Maurizio Cattelan Art Appreciates

Maurizio Cattelan art prices continue to increase according to the Economist.

Astute at business and Art, Maurizio Cattelan has created a strong demand for his edgy art. At Sotheby's Part I London contemporary sale at the end of June 2009, most lots sold near their low estimate except Maurizio Cattelan's Mini-Me Multiple, created in an edition of ten.

Estimated at £180,000 to £250,000, two phone bidders drove the auction price to an astonishing £493,000 in the London Auction for the Cattelan self-portrait.

Recently a Maurizio Cattelan Sculpture titled Him was sold for $10 million. Him is a spookily realistic depiction of Hitler kneeling in prayer. Among other things, it poses the question: if the Führer asked for absolution, would God forgive him?"

"Stefan Edlis, a Viennese-born Holocaust survivor and eminent American collector, is a proud owner an edition of the work."

“When people see this piece,” says Edlis, “they react with gasps, tears, disbelief. The impact is stunning. Politics aside, that is how you judge art.”

"Cattelan is represented by three prestigious dealers; Marian Goodman in New York, Massimo de Carlo in Milano; Emmanuel Perrotin in Paris and an influential art advisor, Philippe Segalot, but the artist hasn't had a show in a commercial gallery since 2002. “

"Cattelan seems delighted to make specific works for individual collectors, but patrons beware. Ben Brown, a London dealer, commissioned a portrait of his grandmother; Cattelan made a unique work called Betsy consisting of a life-like old lady jammed into a fridge."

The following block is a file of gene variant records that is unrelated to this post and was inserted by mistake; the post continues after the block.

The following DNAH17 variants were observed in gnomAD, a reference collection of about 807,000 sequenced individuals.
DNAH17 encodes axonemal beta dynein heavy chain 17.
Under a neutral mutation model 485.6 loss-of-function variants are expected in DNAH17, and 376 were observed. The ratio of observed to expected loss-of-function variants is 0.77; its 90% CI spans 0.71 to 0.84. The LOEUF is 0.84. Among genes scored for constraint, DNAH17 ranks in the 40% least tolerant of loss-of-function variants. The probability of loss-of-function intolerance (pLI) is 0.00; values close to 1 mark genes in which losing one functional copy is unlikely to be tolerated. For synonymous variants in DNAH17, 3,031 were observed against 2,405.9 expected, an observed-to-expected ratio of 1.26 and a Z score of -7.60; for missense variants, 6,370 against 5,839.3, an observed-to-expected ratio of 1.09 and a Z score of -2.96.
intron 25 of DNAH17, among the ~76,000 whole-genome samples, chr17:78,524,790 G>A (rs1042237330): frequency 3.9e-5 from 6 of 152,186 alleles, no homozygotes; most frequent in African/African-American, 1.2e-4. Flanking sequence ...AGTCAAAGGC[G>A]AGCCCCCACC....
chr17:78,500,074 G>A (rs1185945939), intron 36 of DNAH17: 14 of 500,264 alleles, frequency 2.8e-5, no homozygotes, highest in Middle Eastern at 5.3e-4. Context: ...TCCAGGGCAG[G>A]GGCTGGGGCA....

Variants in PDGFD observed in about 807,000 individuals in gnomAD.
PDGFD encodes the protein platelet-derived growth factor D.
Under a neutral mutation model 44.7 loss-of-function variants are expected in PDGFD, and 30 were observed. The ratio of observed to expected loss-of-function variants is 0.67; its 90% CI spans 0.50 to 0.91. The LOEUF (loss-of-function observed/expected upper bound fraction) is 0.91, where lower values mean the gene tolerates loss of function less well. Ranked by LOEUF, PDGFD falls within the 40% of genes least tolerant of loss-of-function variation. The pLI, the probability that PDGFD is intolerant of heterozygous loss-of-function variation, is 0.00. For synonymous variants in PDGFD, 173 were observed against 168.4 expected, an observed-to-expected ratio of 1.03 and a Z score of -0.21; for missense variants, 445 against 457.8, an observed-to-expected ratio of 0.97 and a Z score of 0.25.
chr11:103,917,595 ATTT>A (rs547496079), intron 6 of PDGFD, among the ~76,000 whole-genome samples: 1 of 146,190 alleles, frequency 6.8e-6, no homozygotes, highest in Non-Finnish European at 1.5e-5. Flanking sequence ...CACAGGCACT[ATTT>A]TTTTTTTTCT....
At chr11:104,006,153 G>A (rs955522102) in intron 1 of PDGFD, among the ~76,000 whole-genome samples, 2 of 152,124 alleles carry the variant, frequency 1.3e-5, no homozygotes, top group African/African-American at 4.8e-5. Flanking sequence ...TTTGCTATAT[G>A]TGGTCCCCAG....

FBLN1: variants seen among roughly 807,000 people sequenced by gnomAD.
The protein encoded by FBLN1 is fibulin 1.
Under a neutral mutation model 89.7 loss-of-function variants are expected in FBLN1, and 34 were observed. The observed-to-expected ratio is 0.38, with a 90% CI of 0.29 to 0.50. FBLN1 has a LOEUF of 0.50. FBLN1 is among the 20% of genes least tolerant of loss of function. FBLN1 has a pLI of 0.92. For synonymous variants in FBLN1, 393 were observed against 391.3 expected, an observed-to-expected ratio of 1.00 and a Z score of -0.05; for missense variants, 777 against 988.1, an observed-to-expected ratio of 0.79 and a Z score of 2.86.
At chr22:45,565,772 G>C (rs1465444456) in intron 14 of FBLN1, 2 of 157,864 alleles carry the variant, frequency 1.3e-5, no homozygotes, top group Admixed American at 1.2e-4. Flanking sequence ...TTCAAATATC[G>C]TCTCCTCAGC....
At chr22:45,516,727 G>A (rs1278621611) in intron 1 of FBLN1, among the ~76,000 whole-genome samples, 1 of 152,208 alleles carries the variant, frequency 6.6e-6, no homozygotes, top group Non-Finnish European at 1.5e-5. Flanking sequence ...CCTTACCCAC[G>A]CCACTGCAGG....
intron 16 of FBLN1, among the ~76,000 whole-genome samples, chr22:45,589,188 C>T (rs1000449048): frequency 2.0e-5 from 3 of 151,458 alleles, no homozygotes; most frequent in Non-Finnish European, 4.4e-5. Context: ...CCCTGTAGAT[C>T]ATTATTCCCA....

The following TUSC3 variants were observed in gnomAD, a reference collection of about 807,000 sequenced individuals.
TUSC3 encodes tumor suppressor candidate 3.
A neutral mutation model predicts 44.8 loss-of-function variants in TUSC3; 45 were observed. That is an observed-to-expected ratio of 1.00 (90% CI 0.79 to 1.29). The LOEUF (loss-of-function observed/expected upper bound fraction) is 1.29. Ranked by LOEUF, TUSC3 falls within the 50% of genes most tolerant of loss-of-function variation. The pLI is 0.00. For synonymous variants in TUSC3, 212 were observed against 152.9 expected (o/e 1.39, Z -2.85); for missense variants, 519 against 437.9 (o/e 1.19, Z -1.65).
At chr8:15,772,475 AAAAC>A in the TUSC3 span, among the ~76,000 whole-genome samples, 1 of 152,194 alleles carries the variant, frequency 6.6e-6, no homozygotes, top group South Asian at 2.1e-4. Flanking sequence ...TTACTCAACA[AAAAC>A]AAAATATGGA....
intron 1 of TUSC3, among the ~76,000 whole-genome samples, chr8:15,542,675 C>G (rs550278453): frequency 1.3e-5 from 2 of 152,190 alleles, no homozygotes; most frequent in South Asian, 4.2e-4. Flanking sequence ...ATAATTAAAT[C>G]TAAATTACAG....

"Peter Brant, a Connecticut-based newsprint magnate, commissioned a portrait of his wife, Stephanie Seymour; Cattelan created a bust in the style of a mounted moose head, which the art-world has nicknamed Trophy Wife." Cattelan shrewdly created Trophy Wife in an edition of three so other Collectors could own his Portrait of Stephanie Seymour.

François Pinault, an important Art Collector and owner of Christie's, asked the artist to "think about what he might make for him, Cattelan suggested a tombstone inscribed with the epitaph, Pourquoi Moi? Mr. Pinault’s family was initially too uncomfortable with the idea, but Cattelan persisted and the family recently acquiesced."

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